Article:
Summary and Analysis
Mr. Woodhouse is fond of society among his intimates who "visit him on his own terms," especially for evening parties: George Knightley, the Westons, Mr. Elton, Mrs. Goddard, and Mrs. and Miss Bates. A happy woman, Miss Bates is known for her "universal good-will and contented temper" and for being "a great talker upon little matters." Mrs. Goddard runs an honest, old-fashioned, and respectable boarding school; and she delights Emma when she asks to be allowed one evening to bring Harriet Smith, a pretty seventeen-year-old who is "the natural daughter of somebody." After Harriet proves to be engaging, proper, and deferential, Emma decides to "improve her" and spends a pleasant evening in forming schemes for doing so, at the same time seeing that the guests get generous portions of food, in spite of Mr. Woodhouse's concern that they partake of only a little because of health. The evening ends with Harriet in absolute happiness at the attention she has received from "so great a personage in Highbury" as Miss Woodhouse.
Harriet becomes such a good walking companion that Emma is confirmed in her kind designs, recognizing that, though Harriet is not clever, she is sweet and grateful and needs only guidance. Unable to learn from Harriet who her parents are, since she does not know, Emma encourages her to talk and learns that she is well acquainted with the Martins of Abbey-Mill Farm, where she had spent two months. From what Harriet says, Emma is sure that Mrs. Martin is successfully trying to interest Harriet in her son Robert. Emma's tactic is to say that she is sure that Harriet would not take notice of anyone Robert would marry, one reason being that there is "no doubt of your being a gentleman's daughter."
When they accidentally meet Robert the next day, Harriet steps over to talk with him and Emma observes him from a distance. He looks both neat and sensible, but shortly afterward Emma remarks that he is plain and entirely lacking in gentility and leads Harriet to compare him unfavorably with George Knightley, Mr. Weston, and Mr. Elton, particularly the latter. Whereas Robert reads little and lets business make him forget to procure a book that Harriet has recommended, Mr. Elton (according to Emma) is educated, has superior manners, and is in fine a model for any young man. After such an encomium Emma repeats some warm personal praise of Harriet which Emma herself has drawn from Mr. Elton. Emma has, of course, fixed upon Harriet as Mr. Elton's future mate, deluding herself that others must have already seen it as a perfect match but that only she could have planned it so precisely.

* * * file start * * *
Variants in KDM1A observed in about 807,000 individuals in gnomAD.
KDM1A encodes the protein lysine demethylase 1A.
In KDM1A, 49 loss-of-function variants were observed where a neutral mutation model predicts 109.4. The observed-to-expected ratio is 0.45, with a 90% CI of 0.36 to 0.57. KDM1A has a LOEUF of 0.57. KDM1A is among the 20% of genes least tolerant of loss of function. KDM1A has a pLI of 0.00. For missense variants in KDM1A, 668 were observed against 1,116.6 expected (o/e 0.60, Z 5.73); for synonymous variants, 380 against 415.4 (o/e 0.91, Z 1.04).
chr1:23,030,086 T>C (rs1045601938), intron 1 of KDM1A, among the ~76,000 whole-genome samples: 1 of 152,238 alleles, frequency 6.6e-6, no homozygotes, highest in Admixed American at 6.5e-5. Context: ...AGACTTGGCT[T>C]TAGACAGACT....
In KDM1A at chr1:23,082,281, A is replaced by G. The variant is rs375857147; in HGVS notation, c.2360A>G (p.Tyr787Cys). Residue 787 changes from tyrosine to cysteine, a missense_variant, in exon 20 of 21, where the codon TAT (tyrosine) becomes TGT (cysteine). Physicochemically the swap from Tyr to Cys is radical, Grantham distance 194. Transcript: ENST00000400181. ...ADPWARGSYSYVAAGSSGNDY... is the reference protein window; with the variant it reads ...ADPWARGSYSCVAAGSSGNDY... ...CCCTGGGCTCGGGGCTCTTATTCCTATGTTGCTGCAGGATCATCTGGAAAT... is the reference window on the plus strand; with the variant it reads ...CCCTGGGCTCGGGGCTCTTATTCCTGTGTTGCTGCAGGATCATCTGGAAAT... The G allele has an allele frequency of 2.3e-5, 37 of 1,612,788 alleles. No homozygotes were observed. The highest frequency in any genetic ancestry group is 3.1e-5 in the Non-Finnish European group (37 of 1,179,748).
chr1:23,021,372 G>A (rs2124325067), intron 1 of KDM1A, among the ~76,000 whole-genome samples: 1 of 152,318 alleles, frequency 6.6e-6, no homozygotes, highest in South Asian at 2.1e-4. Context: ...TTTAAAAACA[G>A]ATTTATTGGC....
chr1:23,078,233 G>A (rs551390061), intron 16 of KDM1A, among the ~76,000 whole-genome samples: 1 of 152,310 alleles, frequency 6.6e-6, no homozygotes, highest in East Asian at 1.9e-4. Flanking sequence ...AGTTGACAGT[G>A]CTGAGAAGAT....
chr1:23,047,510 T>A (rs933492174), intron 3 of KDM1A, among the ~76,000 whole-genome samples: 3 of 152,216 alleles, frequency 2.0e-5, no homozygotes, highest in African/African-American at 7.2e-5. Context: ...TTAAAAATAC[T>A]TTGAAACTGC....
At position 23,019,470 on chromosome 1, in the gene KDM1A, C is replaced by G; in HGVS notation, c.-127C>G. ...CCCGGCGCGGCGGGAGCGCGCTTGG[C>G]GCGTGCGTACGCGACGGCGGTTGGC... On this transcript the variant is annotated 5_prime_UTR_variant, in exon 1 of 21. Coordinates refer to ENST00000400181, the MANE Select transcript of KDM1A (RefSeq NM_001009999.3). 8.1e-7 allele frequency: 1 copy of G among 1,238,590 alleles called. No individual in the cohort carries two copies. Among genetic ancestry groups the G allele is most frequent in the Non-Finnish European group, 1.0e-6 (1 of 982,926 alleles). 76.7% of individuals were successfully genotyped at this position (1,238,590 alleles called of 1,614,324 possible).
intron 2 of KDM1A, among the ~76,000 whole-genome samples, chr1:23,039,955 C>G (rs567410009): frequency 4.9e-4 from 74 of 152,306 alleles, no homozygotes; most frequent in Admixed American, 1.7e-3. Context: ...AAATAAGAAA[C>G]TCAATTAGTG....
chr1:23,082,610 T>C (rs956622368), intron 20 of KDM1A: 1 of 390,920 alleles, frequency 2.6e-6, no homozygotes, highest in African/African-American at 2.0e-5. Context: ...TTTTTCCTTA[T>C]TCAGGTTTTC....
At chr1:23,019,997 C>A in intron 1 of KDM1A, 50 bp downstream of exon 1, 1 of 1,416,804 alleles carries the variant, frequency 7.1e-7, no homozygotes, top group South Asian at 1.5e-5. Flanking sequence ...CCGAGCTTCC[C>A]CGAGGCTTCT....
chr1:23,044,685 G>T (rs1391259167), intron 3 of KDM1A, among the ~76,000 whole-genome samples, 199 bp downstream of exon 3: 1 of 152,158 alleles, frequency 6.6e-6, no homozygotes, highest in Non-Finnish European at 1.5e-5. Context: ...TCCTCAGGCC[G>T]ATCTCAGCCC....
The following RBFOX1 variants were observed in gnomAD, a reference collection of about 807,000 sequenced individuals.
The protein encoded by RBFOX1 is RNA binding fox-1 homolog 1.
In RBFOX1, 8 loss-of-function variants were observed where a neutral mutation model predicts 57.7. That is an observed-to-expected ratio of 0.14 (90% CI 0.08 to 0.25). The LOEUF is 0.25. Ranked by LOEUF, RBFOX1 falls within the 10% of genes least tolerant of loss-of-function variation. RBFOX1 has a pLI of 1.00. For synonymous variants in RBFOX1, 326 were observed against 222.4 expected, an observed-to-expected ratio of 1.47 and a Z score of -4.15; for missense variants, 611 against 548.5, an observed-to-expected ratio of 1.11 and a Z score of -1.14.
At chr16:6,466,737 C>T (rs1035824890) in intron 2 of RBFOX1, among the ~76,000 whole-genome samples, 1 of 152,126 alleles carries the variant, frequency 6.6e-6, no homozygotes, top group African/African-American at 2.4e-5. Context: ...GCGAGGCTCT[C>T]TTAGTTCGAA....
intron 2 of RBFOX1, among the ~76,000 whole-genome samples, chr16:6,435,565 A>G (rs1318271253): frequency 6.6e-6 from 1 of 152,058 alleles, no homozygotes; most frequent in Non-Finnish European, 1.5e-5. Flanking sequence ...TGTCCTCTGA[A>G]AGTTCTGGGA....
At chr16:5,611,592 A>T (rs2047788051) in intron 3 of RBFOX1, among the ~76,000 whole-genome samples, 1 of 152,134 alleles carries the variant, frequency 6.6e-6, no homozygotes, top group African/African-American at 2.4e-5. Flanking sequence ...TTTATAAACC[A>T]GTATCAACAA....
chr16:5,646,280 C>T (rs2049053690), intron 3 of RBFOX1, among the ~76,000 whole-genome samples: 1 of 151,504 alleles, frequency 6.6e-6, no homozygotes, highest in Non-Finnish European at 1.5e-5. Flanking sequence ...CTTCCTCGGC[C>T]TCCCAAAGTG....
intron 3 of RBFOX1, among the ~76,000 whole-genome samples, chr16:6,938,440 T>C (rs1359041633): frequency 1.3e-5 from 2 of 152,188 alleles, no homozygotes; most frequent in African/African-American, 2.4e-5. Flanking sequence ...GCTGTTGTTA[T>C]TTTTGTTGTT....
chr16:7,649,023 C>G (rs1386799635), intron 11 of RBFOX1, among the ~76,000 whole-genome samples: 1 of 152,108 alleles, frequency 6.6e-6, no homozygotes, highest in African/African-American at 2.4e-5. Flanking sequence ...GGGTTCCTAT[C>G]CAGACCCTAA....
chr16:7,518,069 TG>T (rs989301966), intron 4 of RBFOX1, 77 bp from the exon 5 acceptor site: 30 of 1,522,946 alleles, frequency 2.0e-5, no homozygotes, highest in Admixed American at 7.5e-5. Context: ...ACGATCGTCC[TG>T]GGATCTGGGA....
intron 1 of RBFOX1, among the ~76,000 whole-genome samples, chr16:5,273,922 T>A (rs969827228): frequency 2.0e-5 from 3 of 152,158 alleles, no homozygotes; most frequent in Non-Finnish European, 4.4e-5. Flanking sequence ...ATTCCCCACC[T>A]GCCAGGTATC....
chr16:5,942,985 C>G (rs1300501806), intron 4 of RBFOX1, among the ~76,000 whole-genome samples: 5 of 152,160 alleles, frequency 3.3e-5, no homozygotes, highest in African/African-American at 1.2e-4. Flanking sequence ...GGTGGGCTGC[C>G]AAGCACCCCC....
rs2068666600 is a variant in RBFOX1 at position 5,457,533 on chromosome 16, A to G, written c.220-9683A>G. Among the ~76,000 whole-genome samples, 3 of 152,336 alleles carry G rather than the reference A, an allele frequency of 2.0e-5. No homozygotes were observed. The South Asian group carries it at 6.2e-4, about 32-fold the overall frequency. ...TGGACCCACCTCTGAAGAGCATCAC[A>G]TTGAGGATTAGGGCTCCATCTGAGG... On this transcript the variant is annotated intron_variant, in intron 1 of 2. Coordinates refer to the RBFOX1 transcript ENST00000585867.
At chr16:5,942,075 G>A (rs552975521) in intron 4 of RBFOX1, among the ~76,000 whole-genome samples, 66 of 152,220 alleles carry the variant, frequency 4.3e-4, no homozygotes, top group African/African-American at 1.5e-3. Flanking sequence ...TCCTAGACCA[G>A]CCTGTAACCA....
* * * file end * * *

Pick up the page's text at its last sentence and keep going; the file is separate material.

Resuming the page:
In these chapters the self-deception of Emma takes positive shape and unfortunately involves others. She, like others around her, obviously believes in the propriety of social stratification and exemplifies it when she leads the believing Harriet to compare Robert Martin with the other gentlemen. However, it is worth remembering that when Emma says, "The yeomanry are precisely the order of people with whom I feel I can have nothing to do," she is not being snobbish in the modern sense. Though it may not be admirable by today's standards, her social conscience is that of the eighteenth century; and it is significant that her very next remarks, coming without pause, are these: "A degree or two lower and a creditable appearance might interest me; I might hope to be useful to their families in some way or other. But a farmer can need none of my help, and is therefore in one sense as much above my notice as in every other he is below it." In light of the world around her, Emma's only serious mistake, socially and humanly speaking, is in letting her willful wish and imagination convince her that Harriet, who is so pretty and amiable, must come from gentility.
In the first of these two chapters, Miss Austen introduces the reader to two important new characters, Harriet and Miss Bates. Harriet will be a mere pretty counter to be maneuvered by Emma and the plot of the novel, but Miss Bates is to be the object of ruthlessly gentle satire and, through her relation to Jane Fairfax (introduced later), an important sideline element in the total plot of the novel. Mr. Elton's future use for satire is indicated in the present description of him as "a young man living alone without liking it."